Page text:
popoolation

https://sourceforge.net/p/popoolation/wiki/Main/ Popoolation is used for calculating pi, piN and piS across full genes, genomes or in sliding windows.

Basic usage:

illumina_pipeline_fastq_to_snps.py config

input files

As this is currently written, the script will run on all of the fastq files that are in your current directory. These files should all be standard fastq files and need to end in .fastq. The program will automatically combine forward and reverse reads that derive from the same sample together into the same folder. The pipeline has been written to allow you to either map all samples to the same reference sequence (as you would want to do for any sort of experimental evolution/infection study) or to map each sample to a unique reference (as you might want to do for clinical samples). The main difference that you need to worry for specifying between these 2 options is in the reference sequence section of the config file (see: Filling in the config file below).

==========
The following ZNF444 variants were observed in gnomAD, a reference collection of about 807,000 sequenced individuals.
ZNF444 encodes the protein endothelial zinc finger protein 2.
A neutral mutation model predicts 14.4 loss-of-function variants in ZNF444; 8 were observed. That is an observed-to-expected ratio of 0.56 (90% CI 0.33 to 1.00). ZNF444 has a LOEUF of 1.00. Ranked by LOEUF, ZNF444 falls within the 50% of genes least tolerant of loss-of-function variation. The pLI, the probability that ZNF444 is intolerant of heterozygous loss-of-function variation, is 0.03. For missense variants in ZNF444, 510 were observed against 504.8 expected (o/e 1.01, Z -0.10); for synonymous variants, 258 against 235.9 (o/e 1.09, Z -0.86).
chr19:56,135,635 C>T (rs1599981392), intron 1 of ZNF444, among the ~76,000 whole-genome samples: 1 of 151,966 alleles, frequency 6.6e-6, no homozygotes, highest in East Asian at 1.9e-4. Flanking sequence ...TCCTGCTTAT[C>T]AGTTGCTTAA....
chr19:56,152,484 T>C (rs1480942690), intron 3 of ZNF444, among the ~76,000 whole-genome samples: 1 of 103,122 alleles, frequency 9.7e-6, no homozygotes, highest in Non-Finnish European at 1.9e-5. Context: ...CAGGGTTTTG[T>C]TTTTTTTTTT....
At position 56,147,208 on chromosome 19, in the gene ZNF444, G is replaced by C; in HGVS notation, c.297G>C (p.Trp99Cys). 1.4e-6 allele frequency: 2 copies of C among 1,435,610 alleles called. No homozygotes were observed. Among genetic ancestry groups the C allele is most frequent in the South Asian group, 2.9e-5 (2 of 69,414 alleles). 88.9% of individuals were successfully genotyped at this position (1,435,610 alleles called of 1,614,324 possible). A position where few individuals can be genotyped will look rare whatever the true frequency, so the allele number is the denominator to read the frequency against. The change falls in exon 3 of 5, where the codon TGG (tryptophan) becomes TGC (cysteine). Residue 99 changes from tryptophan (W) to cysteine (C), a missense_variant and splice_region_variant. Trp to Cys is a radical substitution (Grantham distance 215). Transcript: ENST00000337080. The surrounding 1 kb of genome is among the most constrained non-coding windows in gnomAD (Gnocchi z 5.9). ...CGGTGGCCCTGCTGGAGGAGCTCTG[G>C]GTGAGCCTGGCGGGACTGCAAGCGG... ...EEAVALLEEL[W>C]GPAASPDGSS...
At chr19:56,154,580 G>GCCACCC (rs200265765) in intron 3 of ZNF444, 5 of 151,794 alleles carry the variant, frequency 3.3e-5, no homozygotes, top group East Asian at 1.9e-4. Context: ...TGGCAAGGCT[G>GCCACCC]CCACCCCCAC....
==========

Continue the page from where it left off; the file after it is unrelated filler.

the config file

All parameters including values you alter in the various programs, which analyses you wish to perform, and your reference sequence are specified in the config file. The config.py file contains annotated notes about which fields to fill in and what they are, although you should always consult the manuals for the specific programs you are calling for more specific details about what they do. These arguments will then be passed to illumina_pipeline_fastq_to_snps.py, which will incorporate those arguments at the appropriate time in the pipeline. After running, the program will produce a .params file which will contain all of the arguments that you used for the analyses. The intention here is that you shouldn't have to alter the illumina_pipeline_fastq_to_snps.py file, and should be able to just alter the config.py file. Because you will have an output params file, it will let you keep a record of what you ran so that you can directly edit the config.py file and repeat the analyses later if you want.

a note on de novo assembly